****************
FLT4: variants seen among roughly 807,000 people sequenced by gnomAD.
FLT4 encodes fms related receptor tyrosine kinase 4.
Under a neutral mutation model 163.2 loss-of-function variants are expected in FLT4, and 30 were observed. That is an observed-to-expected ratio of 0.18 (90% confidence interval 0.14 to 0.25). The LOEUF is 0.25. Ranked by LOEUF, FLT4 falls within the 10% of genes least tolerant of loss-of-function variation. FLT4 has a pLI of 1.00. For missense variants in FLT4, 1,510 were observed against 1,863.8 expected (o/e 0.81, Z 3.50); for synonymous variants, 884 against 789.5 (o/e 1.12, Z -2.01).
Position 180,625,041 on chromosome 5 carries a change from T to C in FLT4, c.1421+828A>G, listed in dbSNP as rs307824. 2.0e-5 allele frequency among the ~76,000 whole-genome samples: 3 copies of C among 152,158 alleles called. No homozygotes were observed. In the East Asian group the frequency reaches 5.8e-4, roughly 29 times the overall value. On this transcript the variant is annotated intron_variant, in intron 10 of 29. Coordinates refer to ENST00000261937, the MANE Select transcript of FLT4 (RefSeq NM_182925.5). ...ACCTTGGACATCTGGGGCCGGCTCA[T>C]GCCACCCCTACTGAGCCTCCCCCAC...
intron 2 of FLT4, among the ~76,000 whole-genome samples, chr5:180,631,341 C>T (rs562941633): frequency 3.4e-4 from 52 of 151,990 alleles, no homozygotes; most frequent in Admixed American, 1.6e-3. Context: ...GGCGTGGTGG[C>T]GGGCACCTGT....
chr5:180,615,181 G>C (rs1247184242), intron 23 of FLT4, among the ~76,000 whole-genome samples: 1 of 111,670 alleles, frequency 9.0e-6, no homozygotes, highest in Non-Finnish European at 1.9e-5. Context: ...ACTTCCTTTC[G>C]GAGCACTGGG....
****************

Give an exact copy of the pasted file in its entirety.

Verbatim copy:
FLT4: variants seen among roughly 807,000 people sequenced by gnomAD.
FLT4 encodes fms related receptor tyrosine kinase 4.
Under a neutral mutation model 163.2 loss-of-function variants are expected in FLT4, and 30 were observed. That is an observed-to-expected ratio of 0.18 (90% confidence interval 0.14 to 0.25). The LOEUF is 0.25. Ranked by LOEUF, FLT4 falls within the 10% of genes least tolerant of loss-of-function variation. FLT4 has a pLI of 1.00. For missense variants in FLT4, 1,510 were observed against 1,863.8 expected (o/e 0.81, Z 3.50); for synonymous variants, 884 against 789.5 (o/e 1.12, Z -2.01).
Position 180,625,041 on chromosome 5 carries a change from T to C in FLT4, c.1421+828A>G, listed in dbSNP as rs307824. 2.0e-5 allele frequency among the ~76,000 whole-genome samples: 3 copies of C among 152,158 alleles called. No homozygotes were observed. In the East Asian group the frequency reaches 5.8e-4, roughly 29 times the overall value. On this transcript the variant is annotated intron_variant, in intron 10 of 29. Coordinates refer to ENST00000261937, the MANE Select transcript of FLT4 (RefSeq NM_182925.5). ...ACCTTGGACATCTGGGGCCGGCTCA[T>C]GCCACCCCTACTGAGCCTCCCCCAC...
intron 2 of FLT4, among the ~76,000 whole-genome samples, chr5:180,631,341 C>T (rs562941633): frequency 3.4e-4 from 52 of 151,990 alleles, no homozygotes; most frequent in Admixed American, 1.6e-3. Context: ...GGCGTGGTGG[C>T]GGGCACCTGT....
chr5:180,615,181 G>C (rs1247184242), intron 23 of FLT4, among the ~76,000 whole-genome samples: 1 of 111,670 alleles, frequency 9.0e-6, no homozygotes, highest in Non-Finnish European at 1.9e-5. Context: ...ACTTCCTTTC[G>C]GAGCACTGGG....